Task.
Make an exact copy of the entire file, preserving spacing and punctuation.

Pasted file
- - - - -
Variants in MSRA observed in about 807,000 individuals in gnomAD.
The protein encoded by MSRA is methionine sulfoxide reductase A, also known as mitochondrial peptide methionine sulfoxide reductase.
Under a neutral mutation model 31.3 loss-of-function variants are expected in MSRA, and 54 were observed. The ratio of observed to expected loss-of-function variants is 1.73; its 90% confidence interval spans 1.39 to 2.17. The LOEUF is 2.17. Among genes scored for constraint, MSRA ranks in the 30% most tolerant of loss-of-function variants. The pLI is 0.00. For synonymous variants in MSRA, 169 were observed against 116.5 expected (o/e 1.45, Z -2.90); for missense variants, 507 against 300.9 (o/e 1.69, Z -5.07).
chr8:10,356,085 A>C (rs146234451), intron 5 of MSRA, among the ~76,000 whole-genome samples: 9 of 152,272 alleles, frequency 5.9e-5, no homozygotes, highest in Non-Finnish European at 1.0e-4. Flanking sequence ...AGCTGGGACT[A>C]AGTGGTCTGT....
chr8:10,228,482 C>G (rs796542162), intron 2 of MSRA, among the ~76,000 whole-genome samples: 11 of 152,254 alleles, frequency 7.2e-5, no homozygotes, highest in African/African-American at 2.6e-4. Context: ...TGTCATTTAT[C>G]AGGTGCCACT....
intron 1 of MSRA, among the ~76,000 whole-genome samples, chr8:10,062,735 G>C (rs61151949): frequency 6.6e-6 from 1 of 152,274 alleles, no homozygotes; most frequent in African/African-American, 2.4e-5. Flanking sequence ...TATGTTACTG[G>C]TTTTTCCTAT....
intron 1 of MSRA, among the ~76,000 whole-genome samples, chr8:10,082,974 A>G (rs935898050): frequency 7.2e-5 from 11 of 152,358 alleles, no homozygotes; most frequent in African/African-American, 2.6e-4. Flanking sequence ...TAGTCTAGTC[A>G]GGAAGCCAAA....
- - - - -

Variants in MSRA observed in about 807,000 individuals in gnomAD.
The protein encoded by MSRA is methionine sulfoxide reductase A, also known as mitochondrial peptide methionine sulfoxide reductase.
Under a neutral mutation model 31.3 loss-of-function variants are expected in MSRA, and 54 were observed. The ratio of observed to expected loss-of-function variants is 1.73; its 90% confidence interval spans 1.39 to 2.17. The LOEUF is 2.17. Among genes scored for constraint, MSRA ranks in the 30% most tolerant of loss-of-function variants. The pLI is 0.00. For synonymous variants in MSRA, 169 were observed against 116.5 expected (o/e 1.45, Z -2.90); for missense variants, 507 against 300.9 (o/e 1.69, Z -5.07).
chr8:10,356,085 A>C (rs146234451), intron 5 of MSRA, among the ~76,000 whole-genome samples: 9 of 152,272 alleles, frequency 5.9e-5, no homozygotes, highest in Non-Finnish European at 1.0e-4. Flanking sequence ...AGCTGGGACT[A>C]AGTGGTCTGT....
chr8:10,228,482 C>G (rs796542162), intron 2 of MSRA, among the ~76,000 whole-genome samples: 11 of 152,254 alleles, frequency 7.2e-5, no homozygotes, highest in African/African-American at 2.6e-4. Context: ...TGTCATTTAT[C>G]AGGTGCCACT....
intron 1 of MSRA, among the ~76,000 whole-genome samples, chr8:10,062,735 G>C (rs61151949): frequency 6.6e-6 from 1 of 152,274 alleles, no homozygotes; most frequent in African/African-American, 2.4e-5. Flanking sequence ...TATGTTACTG[G>C]TTTTTCCTAT....
intron 1 of MSRA, among the ~76,000 whole-genome samples, chr8:10,082,974 A>G (rs935898050): frequency 7.2e-5 from 11 of 152,358 alleles, no homozygotes; most frequent in African/African-American, 2.6e-4. Flanking sequence ...TAGTCTAGTC[A>G]GGAAGCCAAA....